Given the fact that the federal government was none other than the governor-general, representing the British Crown, securing the economics of the federal government was more paramount than those of distant local governments. What’s more, if locals looked up to the centre for its graces, their continued acquiescence with the alien rule was ensured.
It was later realised by the federal government that the act left many practical questions unanswered, and that without a judicious discourse fiscal federalism would face problems.
To this end, the government appointed a one-man committee in 1936, comprising civil servant and banker Sir Otto Niemeyer, with the terms of reference that sought recommendations on vertical and horizontal transfers of federally-collected duties and taxes mentioned above, within the framework of the act, and also for the need for grants-in-aid for those provinces that faced a deficiency in their finances. His report, titled ‘The Indian Financial Enquiry Report’, is also known as the Niemeyer Award that was effective during the period 1936-47.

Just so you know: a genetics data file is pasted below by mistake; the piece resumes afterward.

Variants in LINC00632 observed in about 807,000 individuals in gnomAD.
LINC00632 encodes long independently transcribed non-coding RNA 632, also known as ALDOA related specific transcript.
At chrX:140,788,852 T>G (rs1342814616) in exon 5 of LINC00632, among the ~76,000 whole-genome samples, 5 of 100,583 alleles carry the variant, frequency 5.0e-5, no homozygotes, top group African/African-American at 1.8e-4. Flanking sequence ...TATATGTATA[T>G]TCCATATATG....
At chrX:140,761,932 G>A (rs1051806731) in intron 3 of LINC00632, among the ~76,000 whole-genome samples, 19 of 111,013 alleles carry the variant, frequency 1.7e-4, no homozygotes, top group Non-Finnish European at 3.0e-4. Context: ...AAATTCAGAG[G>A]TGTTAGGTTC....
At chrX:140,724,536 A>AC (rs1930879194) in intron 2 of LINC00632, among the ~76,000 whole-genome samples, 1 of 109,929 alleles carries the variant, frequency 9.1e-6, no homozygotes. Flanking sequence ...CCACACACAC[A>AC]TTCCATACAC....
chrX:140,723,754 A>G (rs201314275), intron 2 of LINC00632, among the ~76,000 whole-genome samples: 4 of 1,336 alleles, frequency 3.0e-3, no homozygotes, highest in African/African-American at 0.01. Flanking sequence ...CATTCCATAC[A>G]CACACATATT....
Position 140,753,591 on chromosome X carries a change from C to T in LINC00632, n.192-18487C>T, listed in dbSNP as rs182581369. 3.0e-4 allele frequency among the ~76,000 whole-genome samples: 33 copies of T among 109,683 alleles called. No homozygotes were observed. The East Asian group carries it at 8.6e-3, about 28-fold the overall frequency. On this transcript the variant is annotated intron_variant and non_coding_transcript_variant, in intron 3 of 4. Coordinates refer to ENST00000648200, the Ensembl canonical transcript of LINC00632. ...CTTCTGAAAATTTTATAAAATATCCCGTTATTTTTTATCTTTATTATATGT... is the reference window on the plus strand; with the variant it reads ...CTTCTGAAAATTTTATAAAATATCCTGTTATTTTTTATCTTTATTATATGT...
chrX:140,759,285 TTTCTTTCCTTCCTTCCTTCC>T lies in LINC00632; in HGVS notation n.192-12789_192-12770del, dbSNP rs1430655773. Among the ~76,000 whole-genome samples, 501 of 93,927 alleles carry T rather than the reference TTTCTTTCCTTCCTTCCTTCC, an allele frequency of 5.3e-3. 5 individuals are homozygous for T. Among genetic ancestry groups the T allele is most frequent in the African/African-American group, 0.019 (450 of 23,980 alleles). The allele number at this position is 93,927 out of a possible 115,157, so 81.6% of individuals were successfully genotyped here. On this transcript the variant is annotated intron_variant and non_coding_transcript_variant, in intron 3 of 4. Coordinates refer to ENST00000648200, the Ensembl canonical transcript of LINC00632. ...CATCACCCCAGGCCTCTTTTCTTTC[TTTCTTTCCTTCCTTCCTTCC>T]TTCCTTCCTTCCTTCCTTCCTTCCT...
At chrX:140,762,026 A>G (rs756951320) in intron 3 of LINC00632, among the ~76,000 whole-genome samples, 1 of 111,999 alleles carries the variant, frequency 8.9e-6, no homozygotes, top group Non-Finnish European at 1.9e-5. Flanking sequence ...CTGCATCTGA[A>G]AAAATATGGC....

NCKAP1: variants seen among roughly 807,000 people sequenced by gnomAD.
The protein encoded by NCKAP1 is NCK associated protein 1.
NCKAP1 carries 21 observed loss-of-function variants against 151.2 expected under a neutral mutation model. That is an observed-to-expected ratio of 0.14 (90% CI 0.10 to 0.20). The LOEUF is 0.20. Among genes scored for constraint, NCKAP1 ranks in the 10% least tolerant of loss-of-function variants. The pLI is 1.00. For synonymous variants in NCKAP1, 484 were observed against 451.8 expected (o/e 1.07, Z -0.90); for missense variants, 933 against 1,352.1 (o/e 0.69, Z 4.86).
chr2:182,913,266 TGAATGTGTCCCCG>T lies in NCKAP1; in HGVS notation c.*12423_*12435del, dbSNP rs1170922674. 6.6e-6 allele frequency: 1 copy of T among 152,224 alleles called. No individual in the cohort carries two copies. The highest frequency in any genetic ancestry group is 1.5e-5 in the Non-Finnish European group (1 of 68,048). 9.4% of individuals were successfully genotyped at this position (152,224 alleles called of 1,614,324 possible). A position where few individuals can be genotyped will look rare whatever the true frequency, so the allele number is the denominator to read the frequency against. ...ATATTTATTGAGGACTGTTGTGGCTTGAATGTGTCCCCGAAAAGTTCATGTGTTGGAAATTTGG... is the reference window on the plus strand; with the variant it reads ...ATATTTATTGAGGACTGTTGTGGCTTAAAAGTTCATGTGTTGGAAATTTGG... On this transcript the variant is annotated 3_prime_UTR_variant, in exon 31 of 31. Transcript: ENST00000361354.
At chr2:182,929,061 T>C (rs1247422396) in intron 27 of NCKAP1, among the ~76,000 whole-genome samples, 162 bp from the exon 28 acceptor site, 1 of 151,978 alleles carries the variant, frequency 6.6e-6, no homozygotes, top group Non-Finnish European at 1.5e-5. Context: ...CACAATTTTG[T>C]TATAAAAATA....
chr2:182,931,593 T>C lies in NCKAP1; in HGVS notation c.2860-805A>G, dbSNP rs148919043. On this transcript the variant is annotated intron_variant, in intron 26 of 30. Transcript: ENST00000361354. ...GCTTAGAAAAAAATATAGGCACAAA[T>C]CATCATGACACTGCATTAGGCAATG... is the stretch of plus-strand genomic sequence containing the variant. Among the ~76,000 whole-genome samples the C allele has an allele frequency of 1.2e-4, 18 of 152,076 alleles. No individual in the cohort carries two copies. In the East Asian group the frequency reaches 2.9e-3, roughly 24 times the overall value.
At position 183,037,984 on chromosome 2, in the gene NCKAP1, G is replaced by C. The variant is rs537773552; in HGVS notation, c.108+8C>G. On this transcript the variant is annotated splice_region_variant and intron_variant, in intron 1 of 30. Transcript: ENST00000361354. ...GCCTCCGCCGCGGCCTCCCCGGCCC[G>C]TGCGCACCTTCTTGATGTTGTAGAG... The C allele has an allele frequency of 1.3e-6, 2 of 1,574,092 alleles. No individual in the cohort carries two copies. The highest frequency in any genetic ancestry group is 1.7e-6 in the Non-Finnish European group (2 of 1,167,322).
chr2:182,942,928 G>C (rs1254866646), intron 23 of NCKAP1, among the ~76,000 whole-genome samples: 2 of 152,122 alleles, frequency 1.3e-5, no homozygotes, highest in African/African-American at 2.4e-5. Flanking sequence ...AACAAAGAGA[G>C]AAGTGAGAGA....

The report made 69 specific recommendations for vertical and horizontal sharing of sharable taxes and duties, for grants-in-aid of the revenue and for debt relief in relation to the outstanding debts of the provinces to the centre. There were essentially two main recommendations: sharing income tax and export duties on jute.
For income tax, he recommended a vertical sharing of 50 percent between the federation and the provinces. He claimed that horizontal distribution among provinces was based on two factors: population (which was known) and the relative contribution of the province in collection in some reference year (estimated). Based on this, he determined a fixed percentage for each province.
Regarding the distribution of export duties on jute, the act envisaged that 50 percent or more of such proceeds could be given to the provinces contributing to such exports. Niemeyer recommended 62.5 percent of the proceeds for the provinces in proportion to their exports of jute. He also made specific recommendations for each province regarding grants-in-aid and debt relief.
To be continued
(This news/article originally appeared in The News on November 6th, 2018)